Completed in June 1973, People’s Park Complex is Singapore’s first multi-use development that brought shopping, residential, office and car park facilities under one roof. It is also the first shopping centre in Singapore to implement the concept of the atrium (known as the “city room”) that was conceptualised by the Japanese Metabolist movement. Its success was modelled by subsequent retail development projects in Singapore and the region. Located in the heart of Chinatown, this landmark project was designed by Design Partnership (now DP Architects) and is regarded as an icon of Asian modernist architecture in Singapore.
The site of the People’s Park Complex was previously occupied by an open-air market of makeshift stalls located at the foot of Pearl’s Hill. Although the market was popular, it was also congested and exposed to the elements such as rain. After an outbreak of fire, the site was offered for redevelopment in the first Sale of Sites by the Urban Redevelopment Authority in 1967.
The People’s Park Complex is a 31-storey building with a floor area of 10,358.7 sq m and was built at the cost of S$12 million. Its design features two distinct zones. From the ground level, a six-storey retail and commercial podium accommodates over 300 shops, offices and eateries arranged along a naturally ventilated public concourse. A 25-storey slab block above the podium houses 264 apartments for high-rise living, as well as wide pedestrian corridors termed “streets-in-the-air” and a roof deck for community interaction. The integration of social and private spaces in vertical form has been linked to concepts such as the “instant city”, Le Corbusier’s Marseilles Habitation and the transitional shophouse. The building’s original exterior finish of exposed raw concrete also bears stylistic influences from the popular Brutalist architecture of the post-war era.
As one of the earliest private sector involvement in the urban renewal programme, the People’s Park Complex was able to successfully recreate the vibrancy of the former bazaar (marketplace) while contributing to the regeneration of the downtown area. Described as a “condensed version of a Chinese downtown”, the shopping complex drew a million visitors in its first month of opening in October 1970. The internal atrium was also a popular venue for exhibitions and cultural shows.
1. Wong, Y. C., et. al. (2005). Singapore 1:1 city: A gallery of architecture & urban design (pp. 158–161). Singapore: Urban Redevelopment Authority. Call no.: RSING 720.95957 WON; DP Architects. (2014). People’s Park Complex. Retrieved July 22, 2014, from DP Architects website: http://www.dpa.com.sg/projects/peoples-park-complex/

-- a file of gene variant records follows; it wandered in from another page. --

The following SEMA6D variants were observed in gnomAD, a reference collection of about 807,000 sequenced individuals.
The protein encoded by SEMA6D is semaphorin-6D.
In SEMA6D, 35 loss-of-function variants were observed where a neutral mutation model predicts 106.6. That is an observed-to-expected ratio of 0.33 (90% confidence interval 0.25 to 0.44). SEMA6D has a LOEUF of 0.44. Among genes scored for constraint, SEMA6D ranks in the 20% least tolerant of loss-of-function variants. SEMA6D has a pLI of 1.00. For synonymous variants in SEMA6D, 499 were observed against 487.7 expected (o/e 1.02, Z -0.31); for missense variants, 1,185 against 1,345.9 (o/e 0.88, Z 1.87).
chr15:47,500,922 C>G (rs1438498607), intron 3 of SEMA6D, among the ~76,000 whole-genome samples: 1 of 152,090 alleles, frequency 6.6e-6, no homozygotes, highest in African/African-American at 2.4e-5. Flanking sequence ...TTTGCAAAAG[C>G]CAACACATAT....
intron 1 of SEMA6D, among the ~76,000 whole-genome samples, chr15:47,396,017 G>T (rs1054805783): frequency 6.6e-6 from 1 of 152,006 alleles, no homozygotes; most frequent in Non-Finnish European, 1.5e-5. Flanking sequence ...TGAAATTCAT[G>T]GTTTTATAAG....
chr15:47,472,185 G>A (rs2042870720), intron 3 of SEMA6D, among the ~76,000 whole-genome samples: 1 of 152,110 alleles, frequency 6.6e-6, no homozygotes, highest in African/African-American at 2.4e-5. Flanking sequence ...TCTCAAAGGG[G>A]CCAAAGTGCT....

2. Lim, W. S. W. (1990). Cities for people: Reflections of a Southeast Asian architect (p. 8). Singapore: Select Books. Call no.: RSING 711.40959 LIM; Wong, 2005, pp. 159–160.
3. Wong, 2005, pp. 158–159.
4. Urban Redevelopment Authority. (1983). A pictorial chronology of the sale of sites programme for private development (p. 25). Singapore: Urban Redevelopment Authority. Call no.: RSING 333.77095957 PIC; Tyers, R. K., & Siow, J. H. (1993). Ray Tyers' Singapore: Then & now (p. 185). Singapore: Landmark Books. Call no.: RSING 959.57 TYE-[HIS]; DP Architects, 2014.
5. Wong, 2005, p. 158.
6. Urban Redevelopment Authority, 1983, p. 25; Wong, 2005, pp. 159–160; DP Architects, 2014; Bay, J. H. P. (2001). Three tropical design paradigms (p. 238). In L, Lefaivre, B. Stagno & A. Tzonis (Eds.) Tropical architecture: Critical regionalism in the age of globalization. New York; Chichester: Wiley-Academy. Call no.: RART 721.0913 TRO.
7. Wong, 2005, p. 159.
8. Beamish, J. (1985). A history of Singapore architecture: The making of a city (p. 160). Singapore: G. Brash. Call no.: RSING 722.4095957 BEA; Wong, 2005, p. 160.
9. Tyers & Siow, 1993, p. 185.
10. Wong, 2005, p. 160.
11. Singapore Institute of Architects. (1981). Rumah, contemporary architecture of Singapore (p. 54). Singapore: Singapore Institute of Architects. Call no.: RSING 722.4095957 RUM; Urban Redevelopment Authority, 1983, p. 25.
12. Sigler, J. (Ed.). (1998). Small, medium, large, extra-large: Office of Metropolitan Architecture, Rem Koolhaas, and Bruce Mau (p. 1067). New York: N.Y.: Monacelli Press. Call no.: RART 720.92 SMA
13. Bay, 2001, p. 241.
The information in this article is valid as at 2014 and correct as far as we are able to ascertain from our sources. It is not intended to be an exhaustive or complete history of the subject. Please contact the Library for further reading materials on the topic.